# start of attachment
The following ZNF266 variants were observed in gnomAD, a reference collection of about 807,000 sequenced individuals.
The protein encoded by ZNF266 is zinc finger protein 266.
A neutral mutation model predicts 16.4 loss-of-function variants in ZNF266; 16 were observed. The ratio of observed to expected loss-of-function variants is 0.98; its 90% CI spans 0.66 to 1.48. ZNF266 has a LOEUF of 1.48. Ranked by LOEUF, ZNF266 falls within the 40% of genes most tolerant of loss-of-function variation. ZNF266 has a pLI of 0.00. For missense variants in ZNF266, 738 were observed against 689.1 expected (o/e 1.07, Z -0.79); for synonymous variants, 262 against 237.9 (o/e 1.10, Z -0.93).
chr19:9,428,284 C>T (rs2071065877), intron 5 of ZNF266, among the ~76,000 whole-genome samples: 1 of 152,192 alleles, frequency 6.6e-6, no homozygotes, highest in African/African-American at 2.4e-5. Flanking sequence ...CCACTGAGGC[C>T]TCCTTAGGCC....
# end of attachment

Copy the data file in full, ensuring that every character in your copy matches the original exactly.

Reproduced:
The following ZNF266 variants were observed in gnomAD, a reference collection of about 807,000 sequenced individuals.
The protein encoded by ZNF266 is zinc finger protein 266.
A neutral mutation model predicts 16.4 loss-of-function variants in ZNF266; 16 were observed. The ratio of observed to expected loss-of-function variants is 0.98; its 90% CI spans 0.66 to 1.48. ZNF266 has a LOEUF of 1.48. Ranked by LOEUF, ZNF266 falls within the 40% of genes most tolerant of loss-of-function variation. ZNF266 has a pLI of 0.00. For missense variants in ZNF266, 738 were observed against 689.1 expected (o/e 1.07, Z -0.79); for synonymous variants, 262 against 237.9 (o/e 1.10, Z -0.93).
chr19:9,428,284 C>T (rs2071065877), intron 5 of ZNF266, among the ~76,000 whole-genome samples: 1 of 152,192 alleles, frequency 6.6e-6, no homozygotes, highest in African/African-American at 2.4e-5. Flanking sequence ...CCACTGAGGC[C>T]TCCTTAGGCC....